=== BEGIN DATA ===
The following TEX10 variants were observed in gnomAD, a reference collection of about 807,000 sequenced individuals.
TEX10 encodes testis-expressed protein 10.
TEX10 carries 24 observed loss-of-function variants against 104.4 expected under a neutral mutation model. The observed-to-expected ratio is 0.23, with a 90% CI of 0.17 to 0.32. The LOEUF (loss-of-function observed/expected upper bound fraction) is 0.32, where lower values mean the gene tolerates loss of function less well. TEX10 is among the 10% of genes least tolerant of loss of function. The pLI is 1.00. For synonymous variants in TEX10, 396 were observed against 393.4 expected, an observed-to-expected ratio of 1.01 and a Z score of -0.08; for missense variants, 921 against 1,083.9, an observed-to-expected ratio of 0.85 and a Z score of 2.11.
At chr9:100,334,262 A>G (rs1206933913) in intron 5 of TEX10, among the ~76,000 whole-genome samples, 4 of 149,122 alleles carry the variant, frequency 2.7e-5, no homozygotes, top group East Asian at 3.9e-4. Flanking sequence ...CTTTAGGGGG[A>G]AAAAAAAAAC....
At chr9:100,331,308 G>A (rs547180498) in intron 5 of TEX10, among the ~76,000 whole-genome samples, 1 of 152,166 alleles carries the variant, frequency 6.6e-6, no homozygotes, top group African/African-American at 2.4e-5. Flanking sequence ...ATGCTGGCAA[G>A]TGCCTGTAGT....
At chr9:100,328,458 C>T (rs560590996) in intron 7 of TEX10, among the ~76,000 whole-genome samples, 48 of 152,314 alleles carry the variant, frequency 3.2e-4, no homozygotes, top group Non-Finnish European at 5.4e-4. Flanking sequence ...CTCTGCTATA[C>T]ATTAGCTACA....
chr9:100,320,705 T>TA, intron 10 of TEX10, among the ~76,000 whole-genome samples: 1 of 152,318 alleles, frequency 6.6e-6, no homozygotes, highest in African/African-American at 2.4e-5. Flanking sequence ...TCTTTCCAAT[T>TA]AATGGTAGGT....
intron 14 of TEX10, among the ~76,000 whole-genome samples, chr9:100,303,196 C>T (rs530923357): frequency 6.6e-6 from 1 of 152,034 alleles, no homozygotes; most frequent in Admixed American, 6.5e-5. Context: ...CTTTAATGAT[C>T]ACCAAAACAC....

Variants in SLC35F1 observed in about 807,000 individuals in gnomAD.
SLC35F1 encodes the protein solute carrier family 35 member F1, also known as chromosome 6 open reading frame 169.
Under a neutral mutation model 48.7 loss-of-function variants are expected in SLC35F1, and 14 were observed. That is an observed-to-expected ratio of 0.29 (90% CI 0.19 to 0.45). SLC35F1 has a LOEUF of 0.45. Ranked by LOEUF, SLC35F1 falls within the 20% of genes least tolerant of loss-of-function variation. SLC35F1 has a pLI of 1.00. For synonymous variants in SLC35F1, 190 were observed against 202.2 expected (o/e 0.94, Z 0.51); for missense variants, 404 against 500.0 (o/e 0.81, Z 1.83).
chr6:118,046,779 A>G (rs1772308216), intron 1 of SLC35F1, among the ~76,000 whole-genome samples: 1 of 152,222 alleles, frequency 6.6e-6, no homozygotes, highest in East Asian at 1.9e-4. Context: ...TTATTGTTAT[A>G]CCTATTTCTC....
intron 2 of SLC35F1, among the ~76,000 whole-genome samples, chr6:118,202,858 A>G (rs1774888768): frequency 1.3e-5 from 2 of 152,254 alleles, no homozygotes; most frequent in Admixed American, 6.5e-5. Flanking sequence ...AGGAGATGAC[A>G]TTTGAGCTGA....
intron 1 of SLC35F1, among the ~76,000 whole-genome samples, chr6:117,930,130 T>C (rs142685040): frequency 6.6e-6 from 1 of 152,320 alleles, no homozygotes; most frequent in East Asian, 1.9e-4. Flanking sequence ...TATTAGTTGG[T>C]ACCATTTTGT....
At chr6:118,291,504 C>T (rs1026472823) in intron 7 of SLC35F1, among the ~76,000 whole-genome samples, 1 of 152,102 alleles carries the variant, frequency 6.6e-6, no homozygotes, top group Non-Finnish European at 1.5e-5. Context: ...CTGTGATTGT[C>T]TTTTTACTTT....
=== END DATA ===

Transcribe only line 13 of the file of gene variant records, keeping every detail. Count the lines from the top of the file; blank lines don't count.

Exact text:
intron 2 of SLC35F1, among the ~76,000 whole-genome samples, chr6:118,202,858 A>G (rs1774888768): frequency 1.3e-5 from 2 of 152,254 alleles, no homozygotes; most frequent in Admixed American, 6.5e-5. Flanking sequence ...AGGAGATGAC[A>G]TTTGAGCTGA....